Tuesday, March 10, 2015
Giving up Apathy (3rd in a series)
"When Jesus saw his mother and the disciple whom he loved standing beside her, he said to his mother, 'Woman, here is your son.' Then he said to the disciple, 'Here is your mother.'” (John 19:26-27a, NRSV)
Jesus continues to hang on the cross, suffering and slowly dying a very painful death. Every breath was difficult and painful. Imagine doing pull-ups. When you’re doing pull-ups, it’s hard to inhale when your hanging all the way down. You have to pull yourself up and inhale on the way up. Then you exhale on the way down. So in order to take a breath, Jesus had to pull his body up, his hands and feet putting pressure on the nail wounds. With each motion going up and down, his already raw back would rub against the rough cross. He also had to angle his head so the thorns don’t hit the cross and push back at his skull.
Soon, the lack of oxygen and dehydration cause his muscles to cramp, making him try to shift as far as he possibly can to prevent it, adding to the pain and misery. Perhaps the mocking and verbal abuse was still going at that time. But the focus of the story shifts, like a camera zooming in from a wide angle to a tighter shot spotlighting what was happening beneath the cross of Jesus.
Some of the women followers of Jesus were there. So was his mother, Mary and his disciple John. Amidst the yelling of the angry crowd, amidst his own personal suffering, even when it was extremely difficult to talk, let alone breathe, Jesus focuses his attention on his mother and her pain. He made sure she was cared for during her time of emotional suffering.
Come to think of it, Jesus had enough reasons not to care. He had enough valid reasons to not even notice the suffering of Mary. He had bigger problems and sufferings of his own. But instead of apathy, Jesus chose compassion.
Throughout his ministry, Jesus is known to do this. While he had his own concerns to deal with, he took time to show compassion. Even when he was on a tight schedule, he would go out of his way to help, heal or listen. When he was arrested, Peter tried to defend him by cutting-off the ear of one of the guards. What does Jesus do? He heals the man. He doesn’t say, “Well that’s your problem. I’ve got a bigger issue here. I’m being arrested.”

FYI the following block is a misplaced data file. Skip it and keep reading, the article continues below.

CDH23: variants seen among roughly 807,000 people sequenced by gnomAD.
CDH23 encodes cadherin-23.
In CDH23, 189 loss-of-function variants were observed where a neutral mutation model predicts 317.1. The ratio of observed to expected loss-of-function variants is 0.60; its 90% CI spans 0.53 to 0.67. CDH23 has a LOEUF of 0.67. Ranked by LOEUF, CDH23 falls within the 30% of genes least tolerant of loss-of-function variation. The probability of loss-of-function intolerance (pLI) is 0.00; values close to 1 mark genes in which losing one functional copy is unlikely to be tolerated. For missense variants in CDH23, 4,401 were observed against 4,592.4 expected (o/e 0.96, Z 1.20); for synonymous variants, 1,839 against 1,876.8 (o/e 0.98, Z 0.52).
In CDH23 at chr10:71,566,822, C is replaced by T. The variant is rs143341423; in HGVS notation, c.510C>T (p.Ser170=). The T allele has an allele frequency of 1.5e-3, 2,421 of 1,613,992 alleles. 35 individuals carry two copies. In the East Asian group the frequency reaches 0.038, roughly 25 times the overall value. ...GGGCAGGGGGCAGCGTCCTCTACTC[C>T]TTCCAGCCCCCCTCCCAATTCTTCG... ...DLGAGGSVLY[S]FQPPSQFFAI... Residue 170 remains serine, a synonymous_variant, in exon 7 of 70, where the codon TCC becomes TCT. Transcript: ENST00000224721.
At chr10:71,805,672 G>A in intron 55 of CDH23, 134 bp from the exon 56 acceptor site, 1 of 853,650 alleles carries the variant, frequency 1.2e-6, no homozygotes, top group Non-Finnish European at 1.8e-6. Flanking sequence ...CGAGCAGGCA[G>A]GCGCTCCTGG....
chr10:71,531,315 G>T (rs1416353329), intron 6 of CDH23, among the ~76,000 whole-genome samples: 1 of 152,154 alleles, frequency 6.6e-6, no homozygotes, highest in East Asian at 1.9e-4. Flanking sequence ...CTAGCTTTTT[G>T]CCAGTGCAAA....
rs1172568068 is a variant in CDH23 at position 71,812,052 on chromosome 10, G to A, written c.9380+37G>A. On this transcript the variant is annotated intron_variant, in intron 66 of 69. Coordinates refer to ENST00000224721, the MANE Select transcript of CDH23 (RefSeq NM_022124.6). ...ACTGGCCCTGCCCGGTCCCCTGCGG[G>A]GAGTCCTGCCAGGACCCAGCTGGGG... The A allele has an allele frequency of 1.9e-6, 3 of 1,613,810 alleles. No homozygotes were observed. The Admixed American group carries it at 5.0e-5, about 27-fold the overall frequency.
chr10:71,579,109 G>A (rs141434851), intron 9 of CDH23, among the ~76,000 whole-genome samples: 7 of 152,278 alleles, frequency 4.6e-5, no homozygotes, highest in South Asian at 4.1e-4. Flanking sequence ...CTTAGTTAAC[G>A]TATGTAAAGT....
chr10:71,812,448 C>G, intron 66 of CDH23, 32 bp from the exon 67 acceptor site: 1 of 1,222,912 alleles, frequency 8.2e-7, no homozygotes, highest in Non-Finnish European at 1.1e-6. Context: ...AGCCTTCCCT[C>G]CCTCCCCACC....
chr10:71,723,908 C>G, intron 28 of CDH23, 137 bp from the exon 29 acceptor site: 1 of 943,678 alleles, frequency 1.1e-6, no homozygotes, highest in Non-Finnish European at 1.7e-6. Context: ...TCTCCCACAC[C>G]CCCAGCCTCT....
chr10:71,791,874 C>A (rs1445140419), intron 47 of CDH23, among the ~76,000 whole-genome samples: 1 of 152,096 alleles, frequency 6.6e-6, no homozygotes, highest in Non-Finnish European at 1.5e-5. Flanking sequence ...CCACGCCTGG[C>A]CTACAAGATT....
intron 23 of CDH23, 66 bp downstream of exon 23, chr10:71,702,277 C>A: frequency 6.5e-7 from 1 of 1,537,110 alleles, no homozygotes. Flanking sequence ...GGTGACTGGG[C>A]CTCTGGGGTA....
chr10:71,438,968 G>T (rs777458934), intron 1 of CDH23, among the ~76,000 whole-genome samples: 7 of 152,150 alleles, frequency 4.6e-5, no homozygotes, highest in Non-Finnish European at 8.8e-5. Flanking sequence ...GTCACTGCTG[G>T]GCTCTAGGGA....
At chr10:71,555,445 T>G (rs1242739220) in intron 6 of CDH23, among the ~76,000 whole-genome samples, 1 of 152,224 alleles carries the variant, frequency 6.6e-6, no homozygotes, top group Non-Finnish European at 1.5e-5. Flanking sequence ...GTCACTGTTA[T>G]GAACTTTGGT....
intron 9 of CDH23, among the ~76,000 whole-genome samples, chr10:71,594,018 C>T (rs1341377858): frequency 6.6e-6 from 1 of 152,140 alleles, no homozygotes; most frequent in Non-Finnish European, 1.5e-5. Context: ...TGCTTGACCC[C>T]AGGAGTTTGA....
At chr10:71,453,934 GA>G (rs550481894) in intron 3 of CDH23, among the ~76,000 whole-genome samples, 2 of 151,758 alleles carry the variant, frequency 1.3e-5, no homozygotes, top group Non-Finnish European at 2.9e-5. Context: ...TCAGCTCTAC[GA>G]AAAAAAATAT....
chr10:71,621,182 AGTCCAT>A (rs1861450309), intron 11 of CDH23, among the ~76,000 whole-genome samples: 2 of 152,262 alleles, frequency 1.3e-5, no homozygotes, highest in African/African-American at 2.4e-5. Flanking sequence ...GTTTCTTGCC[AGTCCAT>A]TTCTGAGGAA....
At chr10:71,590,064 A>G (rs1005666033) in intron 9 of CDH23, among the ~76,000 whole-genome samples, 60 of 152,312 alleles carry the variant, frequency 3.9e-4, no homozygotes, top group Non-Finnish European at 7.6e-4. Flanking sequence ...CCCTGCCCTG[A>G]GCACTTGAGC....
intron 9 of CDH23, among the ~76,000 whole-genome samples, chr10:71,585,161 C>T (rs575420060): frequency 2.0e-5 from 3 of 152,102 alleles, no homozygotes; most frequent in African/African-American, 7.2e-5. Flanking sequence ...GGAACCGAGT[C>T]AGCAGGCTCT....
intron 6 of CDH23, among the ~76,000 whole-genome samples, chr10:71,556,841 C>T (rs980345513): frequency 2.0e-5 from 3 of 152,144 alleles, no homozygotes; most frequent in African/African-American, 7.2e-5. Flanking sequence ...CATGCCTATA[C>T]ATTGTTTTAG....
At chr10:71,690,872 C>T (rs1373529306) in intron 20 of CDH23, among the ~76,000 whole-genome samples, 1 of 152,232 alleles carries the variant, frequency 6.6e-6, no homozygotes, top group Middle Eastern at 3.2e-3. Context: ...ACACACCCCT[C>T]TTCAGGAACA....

God is calling us to give up apathy.
Lent is a 40-day journey that mirrors Jesus’ 40 days in the wilderness, where he struggled with his temptations and had to give things up, things that were hindrances to his life’s mission. Thus, Lent is a yearly spiritual wilderness journey where we confront our greatest temptations head-on and try to identify things in our own lives that we need to give up because they are hindrances to our fully following Jesus.
But more than just chocolate, we’re learning that there are deeper issues and attitudes that God may be calling us to deal with and give up. So far we’ve learned that we are called to give up anger and bitterness and grow in forgiveness. We’re also called to give up our judgmental ways and grow in grace and acceptance.
We’re trying to learn some of the deeper things God may be calling us to give up, by looking at what Jesus needed to give up when he denied himself and carried his cross.
Today, God is calling us to give up apathy. It is the lack of interest or concern. It is insensibility, indifference.
Apathy could come in the form of the blatant, “I don’t care.” Sometimes it comes in the form of, “I see the problem but I don’t want to be involved.” Other variants of this are: “That’s not my problem. I’ve got my own problems to deal with.” Or, “Well, that’s the least of my concerns.” And sometimes it comes in the form of, “Sorry, I’ve just got other stuff to do.”
We have to be honest. We have found ourselves acting apathetic and saying these things, maybe in varying forms and degrees, but apathetic just the same, not just to strangers in need but even to friends and loved ones. And we know the painful sting of being in need, asking for help and receiving a cold, “I don’t care!”
Friends, Lent is serious soul work. It is not a mere sentimental and emotional journey of remembering Jesus’ suffering, death and resurrection. It is preparing ourselves to truly live. In my devotion yesterday, Fr. Richard Rohr said, "We need to deeply trust and allow both our own dyings and our own certain resurrections, just as Jesus did! This is the full pattern of transformation."
We are to "die to ourselves so that Christ may live in us." We are to give things up so that we may learn how to truly live. And so more than just chocolate, God is calling us today to give up apathy, in whatever forms and degrees we find ourselves living that, and grow in compassion.
Your fellow disciple,